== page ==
Always the Runner-Up For Jobs?
Learn Why, Then Tweak Your Pitch

Congratulations. You just came in second for a coveted job with a new employer.

Rather than fume, look at the bright side: You were almost the perfect pick. Placing second "does show that you are on the right path," says J. Damian Birkel, a career counselor for Williams, Roberts, Young, a human-resources consulting firm in Winston-Salem, N.C.

Joe Conroy says he actually "felt good" when he became the runner-up for a finance chief's job at a Maryland financial-services start-up early last month. "I represented myself well," the 57-year-old job hunter explains. "I have more enthusiasm and confidence going into the next interview."

The lessons you glean from this all-too-common setback could make you the successful pick someday. Boost your chances by discovering why you placed second, keeping in touch with the hiring manager and tweaking your pitch.

Ask the recruiter for honest insights about your defeat. "Did I act ambivalent during the job interviews? Appear desperate? Inflate my qualifications? Lack passion about my prowess? Wear the wrong suit?"

Fred Whelan, a partner at Whelan Stone, a San Francisco search boutique, gives frank answers to such questions because he gets to know the candidates who come in second before he refers them to clients. He sometimes tells the unsuccessful finalist, "There's this aspect of your personality that wouldn't fit in well with other members of the management team."

AstraZeneca requires the 17 U.S. recruiters on its staff to phone all runners-up with specific feedback because this "could very easily be a temporary rejection," says Jeff Harvey, U.S. staffing director for the global pharmaceutical manufacturer. The call "keeps them warm for the next opening."

You can also get the straight scoop from other inside contacts. Workplace psychologist Dory Hollander once lost her bid to be executive-development manager of a big Florida bank. An acquaintance there, who had sponsored her candidacy, revealed that the bank preferred a charismatic "golden boy" because he knew more industry players. A bit irritated, she wondered, "How could they pick this buffoon over me?"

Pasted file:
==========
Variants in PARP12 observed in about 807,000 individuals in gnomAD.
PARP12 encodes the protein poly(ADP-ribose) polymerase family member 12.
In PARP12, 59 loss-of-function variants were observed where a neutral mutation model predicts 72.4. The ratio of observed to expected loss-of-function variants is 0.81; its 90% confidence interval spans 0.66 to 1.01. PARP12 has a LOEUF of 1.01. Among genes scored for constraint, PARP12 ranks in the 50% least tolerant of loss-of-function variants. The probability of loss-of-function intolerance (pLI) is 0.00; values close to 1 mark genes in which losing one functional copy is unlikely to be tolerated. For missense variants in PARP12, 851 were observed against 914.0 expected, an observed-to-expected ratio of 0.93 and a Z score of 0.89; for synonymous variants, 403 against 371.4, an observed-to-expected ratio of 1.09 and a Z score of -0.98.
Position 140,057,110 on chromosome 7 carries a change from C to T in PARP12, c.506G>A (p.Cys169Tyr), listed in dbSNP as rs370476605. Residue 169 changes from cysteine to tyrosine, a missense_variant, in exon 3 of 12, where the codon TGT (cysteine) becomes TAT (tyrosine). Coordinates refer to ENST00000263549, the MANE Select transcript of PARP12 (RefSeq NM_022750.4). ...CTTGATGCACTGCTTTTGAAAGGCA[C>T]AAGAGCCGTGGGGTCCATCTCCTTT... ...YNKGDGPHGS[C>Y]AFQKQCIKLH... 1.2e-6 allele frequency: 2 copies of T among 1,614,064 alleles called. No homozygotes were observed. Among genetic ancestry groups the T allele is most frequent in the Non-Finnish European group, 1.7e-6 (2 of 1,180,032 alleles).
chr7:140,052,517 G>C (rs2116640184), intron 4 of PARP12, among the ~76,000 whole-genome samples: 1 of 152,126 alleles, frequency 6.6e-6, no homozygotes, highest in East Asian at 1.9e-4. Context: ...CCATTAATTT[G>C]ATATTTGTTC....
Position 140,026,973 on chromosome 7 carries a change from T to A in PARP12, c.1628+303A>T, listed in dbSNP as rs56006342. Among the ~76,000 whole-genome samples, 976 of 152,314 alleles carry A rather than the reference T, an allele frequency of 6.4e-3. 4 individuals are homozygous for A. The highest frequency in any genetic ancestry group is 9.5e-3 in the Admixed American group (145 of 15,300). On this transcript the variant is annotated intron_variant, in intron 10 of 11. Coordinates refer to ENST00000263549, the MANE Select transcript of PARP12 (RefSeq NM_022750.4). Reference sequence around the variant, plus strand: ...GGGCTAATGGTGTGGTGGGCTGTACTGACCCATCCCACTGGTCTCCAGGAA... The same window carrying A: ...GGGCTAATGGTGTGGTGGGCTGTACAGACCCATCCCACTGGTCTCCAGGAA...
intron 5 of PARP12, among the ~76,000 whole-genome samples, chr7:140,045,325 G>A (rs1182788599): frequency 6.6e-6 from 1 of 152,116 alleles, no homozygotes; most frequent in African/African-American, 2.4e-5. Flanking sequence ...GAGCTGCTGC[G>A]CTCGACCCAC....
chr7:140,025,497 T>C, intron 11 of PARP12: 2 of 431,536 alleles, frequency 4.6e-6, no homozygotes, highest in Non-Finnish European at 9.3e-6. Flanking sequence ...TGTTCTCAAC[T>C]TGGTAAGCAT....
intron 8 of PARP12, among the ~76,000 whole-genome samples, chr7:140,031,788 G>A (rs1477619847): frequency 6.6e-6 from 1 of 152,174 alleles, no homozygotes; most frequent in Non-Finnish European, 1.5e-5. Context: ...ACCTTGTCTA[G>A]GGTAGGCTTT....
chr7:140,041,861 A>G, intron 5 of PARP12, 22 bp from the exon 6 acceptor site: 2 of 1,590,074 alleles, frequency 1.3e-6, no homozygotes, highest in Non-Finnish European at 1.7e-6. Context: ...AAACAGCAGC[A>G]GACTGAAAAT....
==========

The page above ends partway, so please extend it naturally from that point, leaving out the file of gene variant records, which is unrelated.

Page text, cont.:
But it's much harder to elicit the truth about your turndown from the hiring manager. One solution: Request the explanation in a nonthreatening manner that reiterates your interest in the enterprise. Email the hiring official and inquire " 'how [do] you perceive me and my experience? And if there's anything I can do to help going forward, please keep me in mind,' " suggests Jonathan Schwartz, president and chief operating officer of Sun Microsystems, a computer maker in Santa Clara, Calif. "Looking for a job is an investment in your network," he notes.

You can sustain this rapport -- and perhaps nab the next vacancy -- by seeking the hiring manager's permission to stay in touch. Send "soft sell" reminders, such as holiday cards, a congratulatory note about the company's newest ad campaign or an updated résumé. Mr. Conroy, the spurned finance chief, intends to reach out to the CEO of the financial-services firm about once a month because the executive has offered to recommend him elsewhere.

Last June, a New York media holding company tapped a current staffer over outsider Jake Glaser to be a business-development director. Mr. Glaser began emailing the woman who would have been his boss every two weeks, occasionally enclosing interesting articles. "My goal was to keep myself [on the] top of her mind for when the next relevant position became available," the 30-year-old New Yorker recollects.

The woman invited Mr. Glaser to apply for a similar spot last fall. Unfortunately, an insider edged him out again. And another media holding concern passed him over in favor of a returning former employee.

Some businesses woo an also-ran again when their initial choice stumbles. "Definitely go for it," though "with your eyes open," urges Dr. Hollander, president of WiseWorkplaces, an executive-coaching firm in Arlington, Va. The "golden boy" who trumped her lasted only nine months. Approached by the bank to reapply, she decided she no longer cared to work there.

Make sure your follow-up efforts don't wear out your welcome, though. The runner-up for a $75,000 middle manager's job at the American Management Association phoned its top HR official the first Monday of the month for a year to grill him about other opportunities.

"She wasted her time and my time" because there was no suitable match, says Manny Avramidis, the New York group's senior vice president for global human resources. The last few times, he adds, "the calls got very short."

If you frequently come in second, consider revamping your job search. Mr. Glaser's three experiences inspired him to re-examine what he wanted to do. "I realized I wasn't media focused. I was promotions focused."

He was finally hired in February as a business-development vice president for ePrize, an interactive promotions agency based in Detroit. "It's a perfect fit," he exults. "For me, being a runner-up thrice became a blessing in disguise."

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Article from CareerJournal Today – May 2005